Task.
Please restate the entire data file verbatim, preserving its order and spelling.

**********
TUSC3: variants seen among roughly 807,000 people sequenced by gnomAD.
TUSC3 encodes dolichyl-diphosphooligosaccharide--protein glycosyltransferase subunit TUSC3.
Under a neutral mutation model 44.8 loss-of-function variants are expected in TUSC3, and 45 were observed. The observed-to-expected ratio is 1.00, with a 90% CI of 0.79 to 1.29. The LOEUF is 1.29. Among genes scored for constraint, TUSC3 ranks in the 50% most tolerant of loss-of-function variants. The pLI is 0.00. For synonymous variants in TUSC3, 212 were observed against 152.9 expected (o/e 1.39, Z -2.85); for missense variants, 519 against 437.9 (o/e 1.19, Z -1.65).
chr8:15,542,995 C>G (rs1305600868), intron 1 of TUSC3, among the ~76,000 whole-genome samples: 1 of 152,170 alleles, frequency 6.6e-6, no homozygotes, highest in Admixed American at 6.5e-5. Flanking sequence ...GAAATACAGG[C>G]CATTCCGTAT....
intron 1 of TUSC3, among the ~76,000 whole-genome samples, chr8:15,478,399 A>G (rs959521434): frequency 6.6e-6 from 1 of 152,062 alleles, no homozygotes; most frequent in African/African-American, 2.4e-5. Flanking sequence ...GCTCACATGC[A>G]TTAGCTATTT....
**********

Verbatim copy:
TUSC3: variants seen among roughly 807,000 people sequenced by gnomAD.
TUSC3 encodes dolichyl-diphosphooligosaccharide--protein glycosyltransferase subunit TUSC3.
Under a neutral mutation model 44.8 loss-of-function variants are expected in TUSC3, and 45 were observed. The observed-to-expected ratio is 1.00, with a 90% CI of 0.79 to 1.29. The LOEUF is 1.29. Among genes scored for constraint, TUSC3 ranks in the 50% most tolerant of loss-of-function variants. The pLI is 0.00. For synonymous variants in TUSC3, 212 were observed against 152.9 expected (o/e 1.39, Z -2.85); for missense variants, 519 against 437.9 (o/e 1.19, Z -1.65).
chr8:15,542,995 C>G (rs1305600868), intron 1 of TUSC3, among the ~76,000 whole-genome samples: 1 of 152,170 alleles, frequency 6.6e-6, no homozygotes, highest in Admixed American at 6.5e-5. Flanking sequence ...GAAATACAGG[C>G]CATTCCGTAT....
intron 1 of TUSC3, among the ~76,000 whole-genome samples, chr8:15,478,399 A>G (rs959521434): frequency 6.6e-6 from 1 of 152,062 alleles, no homozygotes; most frequent in African/African-American, 2.4e-5. Flanking sequence ...GCTCACATGC[A>G]TTAGCTATTT....